“The tables have turned” between Paris and Berlin, says Silvia Amaro on CNBC. With Europe’s largest economy on the brink of recession, analysts are looking to France, a country with better demographics and a more robust reform agenda, to drive European growth.
France’s CAC40 index has served up an impressive 21% gain this year, outstripping the 17.5% rise in Germany’s Dax. The broader pan-European STOXX Europe 600 index is up 16.6% so far this year.
The decent market performance belies a poor economic outlook. Trade-war tensions contributed to a second-quarter contraction in German GDP. With the country’s September manufacturing purchasing managers’ index delivering the lowest reading since 2009, many analysts think that the country has already entered a technical recession, says The Economist.
A brighter spot is the eurozone jobs data, notes Tom Rees in The Daily Telegraph. At 7.4%, unemployment is “within a whisker” of the record low achieved in 2007. Wider European Union unemployment is at its lowest level in 19 years. That should provide a “much-needed breather” for the service sector even as manufacturing sags, says Bert Colijn of ING.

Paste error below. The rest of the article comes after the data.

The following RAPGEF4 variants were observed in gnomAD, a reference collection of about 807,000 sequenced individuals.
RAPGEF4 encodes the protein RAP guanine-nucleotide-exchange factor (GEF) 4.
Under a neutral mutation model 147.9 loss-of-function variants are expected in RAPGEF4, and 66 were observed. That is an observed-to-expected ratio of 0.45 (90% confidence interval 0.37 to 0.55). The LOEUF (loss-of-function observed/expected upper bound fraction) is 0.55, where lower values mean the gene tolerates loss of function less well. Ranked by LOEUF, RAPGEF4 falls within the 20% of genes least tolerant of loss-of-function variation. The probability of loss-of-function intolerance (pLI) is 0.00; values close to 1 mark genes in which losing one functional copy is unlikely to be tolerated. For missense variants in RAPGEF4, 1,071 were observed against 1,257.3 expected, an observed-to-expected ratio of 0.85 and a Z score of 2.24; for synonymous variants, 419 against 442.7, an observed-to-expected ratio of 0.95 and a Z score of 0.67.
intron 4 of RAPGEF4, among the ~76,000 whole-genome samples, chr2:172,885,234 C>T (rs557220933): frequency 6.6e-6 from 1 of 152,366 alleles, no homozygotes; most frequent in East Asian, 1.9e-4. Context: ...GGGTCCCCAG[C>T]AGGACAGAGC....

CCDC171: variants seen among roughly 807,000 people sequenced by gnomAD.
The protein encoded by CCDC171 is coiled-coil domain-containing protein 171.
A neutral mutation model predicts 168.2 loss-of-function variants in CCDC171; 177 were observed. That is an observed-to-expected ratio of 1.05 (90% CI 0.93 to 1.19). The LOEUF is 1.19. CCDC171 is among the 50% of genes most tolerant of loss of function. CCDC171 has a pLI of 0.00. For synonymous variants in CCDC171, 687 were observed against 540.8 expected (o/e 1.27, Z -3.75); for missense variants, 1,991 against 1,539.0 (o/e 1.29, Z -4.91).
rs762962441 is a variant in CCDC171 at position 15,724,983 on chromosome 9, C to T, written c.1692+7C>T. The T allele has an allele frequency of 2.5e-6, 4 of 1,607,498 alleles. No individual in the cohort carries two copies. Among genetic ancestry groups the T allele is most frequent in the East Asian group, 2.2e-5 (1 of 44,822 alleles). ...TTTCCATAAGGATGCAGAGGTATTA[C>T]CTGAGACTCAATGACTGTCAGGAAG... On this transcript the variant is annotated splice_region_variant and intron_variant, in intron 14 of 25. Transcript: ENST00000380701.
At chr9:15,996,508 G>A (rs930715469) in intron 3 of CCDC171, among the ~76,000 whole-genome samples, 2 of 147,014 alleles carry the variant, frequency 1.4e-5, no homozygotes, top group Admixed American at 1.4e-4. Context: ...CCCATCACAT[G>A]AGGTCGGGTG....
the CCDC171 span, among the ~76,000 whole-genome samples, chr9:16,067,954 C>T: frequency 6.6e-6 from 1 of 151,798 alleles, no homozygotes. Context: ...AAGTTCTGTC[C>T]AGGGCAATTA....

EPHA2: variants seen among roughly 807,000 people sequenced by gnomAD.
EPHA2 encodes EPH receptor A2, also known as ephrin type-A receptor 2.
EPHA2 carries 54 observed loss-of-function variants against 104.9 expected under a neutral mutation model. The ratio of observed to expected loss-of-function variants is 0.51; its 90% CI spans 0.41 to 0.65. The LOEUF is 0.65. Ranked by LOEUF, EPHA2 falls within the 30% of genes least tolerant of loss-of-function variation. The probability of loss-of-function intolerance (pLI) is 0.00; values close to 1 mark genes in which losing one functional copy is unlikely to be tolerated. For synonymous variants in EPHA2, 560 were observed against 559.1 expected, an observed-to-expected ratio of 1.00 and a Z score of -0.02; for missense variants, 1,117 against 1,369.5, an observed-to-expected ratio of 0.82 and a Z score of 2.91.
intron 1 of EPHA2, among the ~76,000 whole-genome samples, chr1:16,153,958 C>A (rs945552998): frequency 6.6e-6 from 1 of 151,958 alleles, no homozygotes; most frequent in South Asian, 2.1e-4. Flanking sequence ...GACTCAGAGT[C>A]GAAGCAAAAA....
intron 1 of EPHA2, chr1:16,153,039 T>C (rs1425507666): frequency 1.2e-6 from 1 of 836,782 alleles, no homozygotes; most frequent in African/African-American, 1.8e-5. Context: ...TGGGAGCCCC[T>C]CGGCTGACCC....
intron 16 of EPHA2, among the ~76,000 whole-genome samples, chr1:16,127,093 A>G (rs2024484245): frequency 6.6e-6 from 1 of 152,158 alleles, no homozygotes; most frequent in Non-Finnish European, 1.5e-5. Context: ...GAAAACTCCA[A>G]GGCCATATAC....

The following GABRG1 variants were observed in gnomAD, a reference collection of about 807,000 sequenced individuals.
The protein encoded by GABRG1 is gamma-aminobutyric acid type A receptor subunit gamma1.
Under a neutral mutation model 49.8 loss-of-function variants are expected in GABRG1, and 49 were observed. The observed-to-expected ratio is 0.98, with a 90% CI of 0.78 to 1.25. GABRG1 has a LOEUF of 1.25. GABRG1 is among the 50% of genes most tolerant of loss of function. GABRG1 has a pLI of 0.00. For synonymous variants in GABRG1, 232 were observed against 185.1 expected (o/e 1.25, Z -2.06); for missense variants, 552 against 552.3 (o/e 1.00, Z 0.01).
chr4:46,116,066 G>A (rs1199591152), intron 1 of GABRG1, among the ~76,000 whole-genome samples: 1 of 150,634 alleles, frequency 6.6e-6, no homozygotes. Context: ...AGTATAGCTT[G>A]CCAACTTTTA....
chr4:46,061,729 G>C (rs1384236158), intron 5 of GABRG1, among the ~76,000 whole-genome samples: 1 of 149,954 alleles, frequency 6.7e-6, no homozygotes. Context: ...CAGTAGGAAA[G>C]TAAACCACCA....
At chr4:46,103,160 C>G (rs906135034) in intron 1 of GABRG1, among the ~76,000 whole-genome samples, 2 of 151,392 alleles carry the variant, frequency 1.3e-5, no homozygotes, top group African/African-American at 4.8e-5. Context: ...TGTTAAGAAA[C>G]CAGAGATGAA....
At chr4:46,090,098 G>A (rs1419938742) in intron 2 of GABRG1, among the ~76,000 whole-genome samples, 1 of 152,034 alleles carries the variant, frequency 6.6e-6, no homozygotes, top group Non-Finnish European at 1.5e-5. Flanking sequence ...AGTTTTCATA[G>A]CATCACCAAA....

The European Central Bank (ECB) has reacted to the slowdown with another wave of easy money, notes Mohamed El-Erian in The Guardian. Incoming president Christine Lagarde boasts a formidable CV, but must deal with growing criticism of the “same old medicine” of negative interest rates and bond buying.
What Europe really needs is for politicians to step in and deliver structural reforms. The likes of Germany should also loosen the purse strings, rather than offloading the job onto central bankers.
Some may think that unlikely, but investors should not underestimate the political will in European capitals, as Simon Nixon points out in The Times. The EU is in a stronger position now than it was three years ago. In Greece and Italy – two countries at the centre of concerns over financial stability – populist governments have been ousted in favour of “mainstream pro-Europeans” this year. Rising tensions between Washington and Beijing are also causing member states to “bind themselves” together more tightly than ever.
More monetary easing will do little to help the economy, but it is good news for investors: liquidity usually finds its way into markets. Much of the bad news also appears to be in the price: the German market trades on a cyclically-adjusted price-to-earnings ratio (Cape) of 17.2 and Spain, where growth has remained solid, trades on just 13.4.